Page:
# The Square-Root Formula

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I was wondering, what exactly is the forumla for finding the square root of a number?

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Derive the Taylor power series of the function, take the partial sum of however many terms you want (more terms yield better accuracy), and evaluate it at x, the argument of sqrt(x).

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here's something nice.

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try newtons method

float SQRT( float Number )
{

for ( num_iterations )
{
}
}

i hope this is right its from my head

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Newton approximation implemented in C:

float	IterSqrtf(float	r, int numtries){	float	m(0.0f);	float	b(0.0f);	float	currx=r;	float	curry(0.0f);	float	root(0.0f); //this is what gets returned 	while(numtries--)	{		curry = (currx*currx) - r; //y1		//Check to see if curry is < 0		m = 2 * currx;		b = (-m*currx)  + curry;		root = -b / m;		currx = root;	}	return root;}

Newton approximation implemented in x87 (FPU) assembly):
Number DD ?TestResult DW?Two DD 2.0MaxRelErr  DD 0.5E-6Sqrt:   fld1REPEAT01:   fld ST   fld Number   fdiv ST,ST(1)   fadd ST,ST(1)   fDiv Two   fst ST(2)   fsub   fabs   fld MaxRelErr   fmul ST,ST(2)   fcompp   fstsw TestResult   fwait   mov ax, TestResult   sahf   jna REPEAT01   ret

Square root hack approximation that doesn't even rely on the FPU along with the explanation for how it works

float	Faster_Sqrtf(float f){	float	result;		_asm	{		mov eax, f		sub eax, 0x3f800000		sar eax, 1		add eax, 0x3f800000		mov result, eax	}		return result;}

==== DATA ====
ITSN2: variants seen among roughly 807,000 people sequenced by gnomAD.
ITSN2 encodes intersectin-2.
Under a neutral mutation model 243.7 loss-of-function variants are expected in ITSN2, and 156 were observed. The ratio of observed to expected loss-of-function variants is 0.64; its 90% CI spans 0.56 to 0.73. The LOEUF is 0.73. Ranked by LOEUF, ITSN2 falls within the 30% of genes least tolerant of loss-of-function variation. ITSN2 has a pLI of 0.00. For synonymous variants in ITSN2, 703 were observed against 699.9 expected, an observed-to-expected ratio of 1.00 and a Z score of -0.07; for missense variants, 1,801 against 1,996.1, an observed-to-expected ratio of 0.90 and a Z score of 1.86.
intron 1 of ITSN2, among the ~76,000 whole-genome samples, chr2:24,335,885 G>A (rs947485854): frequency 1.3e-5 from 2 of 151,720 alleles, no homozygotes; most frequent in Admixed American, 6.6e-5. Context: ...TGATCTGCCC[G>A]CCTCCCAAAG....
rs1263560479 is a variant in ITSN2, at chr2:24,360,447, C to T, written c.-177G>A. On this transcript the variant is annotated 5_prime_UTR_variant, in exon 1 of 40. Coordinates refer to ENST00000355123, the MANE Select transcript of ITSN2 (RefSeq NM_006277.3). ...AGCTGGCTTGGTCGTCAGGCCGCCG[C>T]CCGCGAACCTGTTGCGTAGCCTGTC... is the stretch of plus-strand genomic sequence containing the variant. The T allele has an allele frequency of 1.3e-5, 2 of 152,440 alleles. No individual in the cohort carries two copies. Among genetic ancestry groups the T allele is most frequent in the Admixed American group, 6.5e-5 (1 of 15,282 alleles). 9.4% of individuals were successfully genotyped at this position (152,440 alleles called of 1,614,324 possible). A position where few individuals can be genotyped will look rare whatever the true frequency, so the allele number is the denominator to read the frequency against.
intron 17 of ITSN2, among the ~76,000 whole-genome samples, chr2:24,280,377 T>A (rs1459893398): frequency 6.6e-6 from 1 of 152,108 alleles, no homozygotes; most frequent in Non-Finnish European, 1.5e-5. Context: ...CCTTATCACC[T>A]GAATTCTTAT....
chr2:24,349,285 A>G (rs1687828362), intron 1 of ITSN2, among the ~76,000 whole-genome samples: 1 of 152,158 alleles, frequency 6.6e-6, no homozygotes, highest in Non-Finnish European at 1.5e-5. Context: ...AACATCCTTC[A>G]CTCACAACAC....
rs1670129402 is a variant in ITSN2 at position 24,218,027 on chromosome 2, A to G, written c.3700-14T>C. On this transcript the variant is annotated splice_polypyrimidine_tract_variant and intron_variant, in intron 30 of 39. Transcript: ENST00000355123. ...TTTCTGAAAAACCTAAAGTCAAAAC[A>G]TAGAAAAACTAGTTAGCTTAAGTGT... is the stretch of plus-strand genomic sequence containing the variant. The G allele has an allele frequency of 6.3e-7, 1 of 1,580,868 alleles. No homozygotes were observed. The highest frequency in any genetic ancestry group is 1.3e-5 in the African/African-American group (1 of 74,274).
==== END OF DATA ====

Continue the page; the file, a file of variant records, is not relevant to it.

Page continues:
1. Although the magic number 0x3f800000 just happens to be the
floating point representation of +1.0, here it is represents the bias
in a 32-bit float. (127)

2. The sar instruction is "shift arithmetic right" which replicates
the top bit but shifts all other bits one to the right. This has the
effect of dividing by two. It could just as well be "shr". The use of
sar means that it returns the square root of a negative number as a
negative number.

The sub instruction effectively converts the exponent to a unsigned
integer from a bias-127 integer.
The SAR instruction then divides both the mantissa and the unsigned
integer by 2. Where we had n= 1.x * 2^y we now have either 1.1x *
2^(y\2) or 1.0x * 2(y\2), depending on whether the low order bit of
the exponent was set. You can work out the algebra to see what
happens when you square these things. (Note that in base 10 these
represent 2.5+x and 2.0+x respectively) You get a very crude
approximation of a square root. It undoubtedly has more accuracy in a
certain limited range.

The final add then converts the exponent back to a bias-127 exponent.

consider
45000000h = 2048

sub eax, 3f800000h ->
0100 0101 0000 0000 0000 0000 0000 0000
-0011 1111 1000 0000 0000 0000 0000 0000

= 0000 0101 1000 0000 0000 0000 0000 0000

sar eax,1 _>
= 0000 0010 1100 0000 0000 0000 0000 0000

0000 0010 1100 0000 0000 0000 0000 0000
+0011 1111 1000 0000 0000 0000 0000 0000
=0100 0010 0100 0000 0000 0000 0000 0000 = 42400000 = 48

The square root of 2048 is 42.something, and 48 * 48 = 2304.

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PS. Raymond, you have a very good memory. :)

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thanks this is good

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